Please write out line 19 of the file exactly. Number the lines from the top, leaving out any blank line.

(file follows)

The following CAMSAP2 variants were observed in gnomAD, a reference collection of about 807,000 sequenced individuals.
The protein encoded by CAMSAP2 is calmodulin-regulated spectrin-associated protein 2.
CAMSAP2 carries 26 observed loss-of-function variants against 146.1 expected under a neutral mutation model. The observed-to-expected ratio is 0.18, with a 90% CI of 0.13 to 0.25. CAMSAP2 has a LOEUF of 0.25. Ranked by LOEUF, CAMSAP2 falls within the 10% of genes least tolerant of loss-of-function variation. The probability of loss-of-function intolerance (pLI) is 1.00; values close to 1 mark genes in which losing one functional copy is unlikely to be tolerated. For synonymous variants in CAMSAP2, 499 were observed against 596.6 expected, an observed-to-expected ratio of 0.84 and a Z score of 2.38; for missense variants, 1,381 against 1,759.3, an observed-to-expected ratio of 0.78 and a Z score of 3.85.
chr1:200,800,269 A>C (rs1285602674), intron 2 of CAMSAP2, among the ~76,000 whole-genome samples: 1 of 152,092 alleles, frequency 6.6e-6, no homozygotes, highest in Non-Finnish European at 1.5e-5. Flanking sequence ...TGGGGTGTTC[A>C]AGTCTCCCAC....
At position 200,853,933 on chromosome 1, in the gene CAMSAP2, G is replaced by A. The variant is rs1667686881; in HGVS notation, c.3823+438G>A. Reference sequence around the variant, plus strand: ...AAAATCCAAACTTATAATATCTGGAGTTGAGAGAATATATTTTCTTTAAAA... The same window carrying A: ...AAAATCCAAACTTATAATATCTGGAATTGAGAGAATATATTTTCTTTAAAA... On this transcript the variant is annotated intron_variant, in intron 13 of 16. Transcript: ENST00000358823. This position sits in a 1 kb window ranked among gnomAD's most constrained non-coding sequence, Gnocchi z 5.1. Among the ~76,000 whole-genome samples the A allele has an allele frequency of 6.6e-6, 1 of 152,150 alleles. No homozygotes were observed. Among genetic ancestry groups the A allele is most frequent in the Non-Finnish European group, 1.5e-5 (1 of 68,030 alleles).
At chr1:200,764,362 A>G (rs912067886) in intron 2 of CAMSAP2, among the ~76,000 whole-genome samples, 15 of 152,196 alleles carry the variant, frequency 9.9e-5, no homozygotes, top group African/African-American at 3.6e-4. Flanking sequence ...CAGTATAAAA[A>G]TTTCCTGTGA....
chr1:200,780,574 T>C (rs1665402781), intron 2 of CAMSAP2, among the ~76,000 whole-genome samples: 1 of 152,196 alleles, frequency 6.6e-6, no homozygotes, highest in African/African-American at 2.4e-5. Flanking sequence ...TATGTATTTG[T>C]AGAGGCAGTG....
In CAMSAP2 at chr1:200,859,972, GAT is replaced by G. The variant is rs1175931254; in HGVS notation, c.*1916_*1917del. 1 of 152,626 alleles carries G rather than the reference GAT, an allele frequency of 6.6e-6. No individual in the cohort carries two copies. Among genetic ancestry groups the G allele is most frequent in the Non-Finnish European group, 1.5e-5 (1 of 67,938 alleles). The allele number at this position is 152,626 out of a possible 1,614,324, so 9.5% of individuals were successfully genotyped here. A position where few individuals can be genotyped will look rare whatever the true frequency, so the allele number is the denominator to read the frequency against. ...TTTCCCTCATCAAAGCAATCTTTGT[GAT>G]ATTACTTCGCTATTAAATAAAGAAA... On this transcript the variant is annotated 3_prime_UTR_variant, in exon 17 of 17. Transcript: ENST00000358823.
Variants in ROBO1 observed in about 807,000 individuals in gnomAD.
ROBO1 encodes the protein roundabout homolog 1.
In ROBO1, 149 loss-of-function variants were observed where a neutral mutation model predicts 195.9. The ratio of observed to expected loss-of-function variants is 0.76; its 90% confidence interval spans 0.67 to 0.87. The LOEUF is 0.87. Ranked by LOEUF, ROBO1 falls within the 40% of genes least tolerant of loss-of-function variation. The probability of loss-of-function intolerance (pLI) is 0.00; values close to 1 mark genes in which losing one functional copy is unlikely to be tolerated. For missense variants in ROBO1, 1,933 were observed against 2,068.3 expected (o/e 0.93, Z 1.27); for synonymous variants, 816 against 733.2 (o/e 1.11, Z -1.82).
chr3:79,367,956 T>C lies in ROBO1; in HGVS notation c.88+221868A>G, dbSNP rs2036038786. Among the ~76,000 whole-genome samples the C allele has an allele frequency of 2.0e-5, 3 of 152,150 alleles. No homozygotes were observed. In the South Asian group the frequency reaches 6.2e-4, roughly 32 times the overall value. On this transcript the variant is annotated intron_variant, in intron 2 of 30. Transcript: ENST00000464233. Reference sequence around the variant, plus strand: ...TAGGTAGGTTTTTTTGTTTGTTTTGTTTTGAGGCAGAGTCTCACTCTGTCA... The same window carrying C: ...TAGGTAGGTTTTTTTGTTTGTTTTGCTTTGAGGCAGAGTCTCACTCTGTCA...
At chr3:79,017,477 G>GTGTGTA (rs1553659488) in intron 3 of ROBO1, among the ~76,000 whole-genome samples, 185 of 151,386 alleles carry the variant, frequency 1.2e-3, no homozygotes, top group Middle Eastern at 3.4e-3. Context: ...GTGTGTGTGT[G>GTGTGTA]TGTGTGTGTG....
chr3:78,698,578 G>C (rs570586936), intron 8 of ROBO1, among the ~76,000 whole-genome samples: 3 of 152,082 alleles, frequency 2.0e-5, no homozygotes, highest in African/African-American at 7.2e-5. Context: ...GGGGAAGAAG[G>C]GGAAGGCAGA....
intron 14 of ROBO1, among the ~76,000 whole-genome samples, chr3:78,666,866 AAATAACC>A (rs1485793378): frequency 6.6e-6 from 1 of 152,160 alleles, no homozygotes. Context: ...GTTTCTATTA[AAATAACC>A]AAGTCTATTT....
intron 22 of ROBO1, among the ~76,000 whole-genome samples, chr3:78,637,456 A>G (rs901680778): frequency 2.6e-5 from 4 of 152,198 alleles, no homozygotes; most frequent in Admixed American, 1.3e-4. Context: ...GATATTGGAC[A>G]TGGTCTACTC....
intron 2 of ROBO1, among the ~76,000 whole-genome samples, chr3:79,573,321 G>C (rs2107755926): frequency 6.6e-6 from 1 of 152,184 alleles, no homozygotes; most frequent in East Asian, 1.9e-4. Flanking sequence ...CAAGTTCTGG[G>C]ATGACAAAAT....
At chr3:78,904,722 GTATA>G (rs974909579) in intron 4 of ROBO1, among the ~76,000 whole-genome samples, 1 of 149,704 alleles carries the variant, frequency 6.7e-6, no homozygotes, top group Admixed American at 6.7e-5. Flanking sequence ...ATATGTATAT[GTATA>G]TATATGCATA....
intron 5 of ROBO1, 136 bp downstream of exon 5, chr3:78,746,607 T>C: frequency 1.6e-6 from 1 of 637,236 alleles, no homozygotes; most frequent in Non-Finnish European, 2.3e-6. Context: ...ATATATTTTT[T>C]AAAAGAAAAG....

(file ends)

intron 5 of ROBO1, 136 bp downstream of exon 5, chr3:78,746,607 T>C: frequency 1.6e-6 from 1 of 637,236 alleles, no homozygotes; most frequent in Non-Finnish European, 2.3e-6. Context: ...ATATATTTTT[T>C]AAAAGAAAAG....